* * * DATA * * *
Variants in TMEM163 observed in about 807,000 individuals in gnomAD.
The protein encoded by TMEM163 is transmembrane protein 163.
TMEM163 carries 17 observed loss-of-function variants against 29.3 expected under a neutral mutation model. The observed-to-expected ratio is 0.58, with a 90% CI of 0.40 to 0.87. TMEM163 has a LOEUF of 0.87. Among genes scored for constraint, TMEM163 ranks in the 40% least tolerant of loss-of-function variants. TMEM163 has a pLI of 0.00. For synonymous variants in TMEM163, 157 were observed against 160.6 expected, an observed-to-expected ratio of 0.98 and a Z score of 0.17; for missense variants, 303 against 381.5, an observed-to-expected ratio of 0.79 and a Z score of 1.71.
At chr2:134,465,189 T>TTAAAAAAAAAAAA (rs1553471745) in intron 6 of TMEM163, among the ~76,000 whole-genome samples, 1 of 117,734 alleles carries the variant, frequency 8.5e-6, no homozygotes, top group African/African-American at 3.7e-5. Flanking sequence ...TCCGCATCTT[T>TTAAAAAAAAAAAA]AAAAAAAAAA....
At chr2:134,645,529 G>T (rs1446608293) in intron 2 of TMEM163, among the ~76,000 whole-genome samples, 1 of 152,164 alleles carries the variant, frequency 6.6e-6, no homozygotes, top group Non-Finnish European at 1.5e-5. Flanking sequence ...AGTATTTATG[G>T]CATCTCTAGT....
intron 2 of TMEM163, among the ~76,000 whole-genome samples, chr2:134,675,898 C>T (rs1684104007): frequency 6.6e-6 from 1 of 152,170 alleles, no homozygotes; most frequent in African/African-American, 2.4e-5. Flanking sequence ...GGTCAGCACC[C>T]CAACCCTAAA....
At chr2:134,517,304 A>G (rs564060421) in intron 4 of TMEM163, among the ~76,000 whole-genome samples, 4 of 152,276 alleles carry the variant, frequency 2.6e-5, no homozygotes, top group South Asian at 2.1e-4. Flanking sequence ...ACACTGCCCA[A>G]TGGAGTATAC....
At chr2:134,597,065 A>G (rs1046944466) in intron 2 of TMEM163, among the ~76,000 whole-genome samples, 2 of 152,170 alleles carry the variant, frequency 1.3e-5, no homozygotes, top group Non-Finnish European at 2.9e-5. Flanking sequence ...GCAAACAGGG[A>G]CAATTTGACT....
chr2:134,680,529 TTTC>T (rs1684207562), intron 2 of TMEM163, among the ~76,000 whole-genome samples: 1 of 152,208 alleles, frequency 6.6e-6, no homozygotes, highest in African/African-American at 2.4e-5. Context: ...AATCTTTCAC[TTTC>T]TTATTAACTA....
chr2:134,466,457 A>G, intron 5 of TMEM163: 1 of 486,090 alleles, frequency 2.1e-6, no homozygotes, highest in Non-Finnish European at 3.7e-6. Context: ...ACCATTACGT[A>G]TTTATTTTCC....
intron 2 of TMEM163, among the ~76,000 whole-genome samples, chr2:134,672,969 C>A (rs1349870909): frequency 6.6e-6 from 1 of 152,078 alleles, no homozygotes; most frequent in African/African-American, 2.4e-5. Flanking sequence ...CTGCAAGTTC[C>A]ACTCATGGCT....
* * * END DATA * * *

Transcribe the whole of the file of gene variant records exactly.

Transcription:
Variants in TMEM163 observed in about 807,000 individuals in gnomAD.
The protein encoded by TMEM163 is transmembrane protein 163.
TMEM163 carries 17 observed loss-of-function variants against 29.3 expected under a neutral mutation model. The observed-to-expected ratio is 0.58, with a 90% CI of 0.40 to 0.87. TMEM163 has a LOEUF of 0.87. Among genes scored for constraint, TMEM163 ranks in the 40% least tolerant of loss-of-function variants. TMEM163 has a pLI of 0.00. For synonymous variants in TMEM163, 157 were observed against 160.6 expected, an observed-to-expected ratio of 0.98 and a Z score of 0.17; for missense variants, 303 against 381.5, an observed-to-expected ratio of 0.79 and a Z score of 1.71.
At chr2:134,465,189 T>TTAAAAAAAAAAAA (rs1553471745) in intron 6 of TMEM163, among the ~76,000 whole-genome samples, 1 of 117,734 alleles carries the variant, frequency 8.5e-6, no homozygotes, top group African/African-American at 3.7e-5. Flanking sequence ...TCCGCATCTT[T>TTAAAAAAAAAAAA]AAAAAAAAAA....
At chr2:134,645,529 G>T (rs1446608293) in intron 2 of TMEM163, among the ~76,000 whole-genome samples, 1 of 152,164 alleles carries the variant, frequency 6.6e-6, no homozygotes, top group Non-Finnish European at 1.5e-5. Flanking sequence ...AGTATTTATG[G>T]CATCTCTAGT....
intron 2 of TMEM163, among the ~76,000 whole-genome samples, chr2:134,675,898 C>T (rs1684104007): frequency 6.6e-6 from 1 of 152,170 alleles, no homozygotes; most frequent in African/African-American, 2.4e-5. Flanking sequence ...GGTCAGCACC[C>T]CAACCCTAAA....
At chr2:134,517,304 A>G (rs564060421) in intron 4 of TMEM163, among the ~76,000 whole-genome samples, 4 of 152,276 alleles carry the variant, frequency 2.6e-5, no homozygotes, top group South Asian at 2.1e-4. Flanking sequence ...ACACTGCCCA[A>G]TGGAGTATAC....
At chr2:134,597,065 A>G (rs1046944466) in intron 2 of TMEM163, among the ~76,000 whole-genome samples, 2 of 152,170 alleles carry the variant, frequency 1.3e-5, no homozygotes, top group Non-Finnish European at 2.9e-5. Flanking sequence ...GCAAACAGGG[A>G]CAATTTGACT....
chr2:134,680,529 TTTC>T (rs1684207562), intron 2 of TMEM163, among the ~76,000 whole-genome samples: 1 of 152,208 alleles, frequency 6.6e-6, no homozygotes, highest in African/African-American at 2.4e-5. Context: ...AATCTTTCAC[TTTC>T]TTATTAACTA....
chr2:134,466,457 A>G, intron 5 of TMEM163: 1 of 486,090 alleles, frequency 2.1e-6, no homozygotes, highest in Non-Finnish European at 3.7e-6. Context: ...ACCATTACGT[A>G]TTTATTTTCC....
intron 2 of TMEM163, among the ~76,000 whole-genome samples, chr2:134,672,969 C>A (rs1349870909): frequency 6.6e-6 from 1 of 152,078 alleles, no homozygotes; most frequent in African/African-American, 2.4e-5. Flanking sequence ...CTGCAAGTTC[C>A]ACTCATGGCT....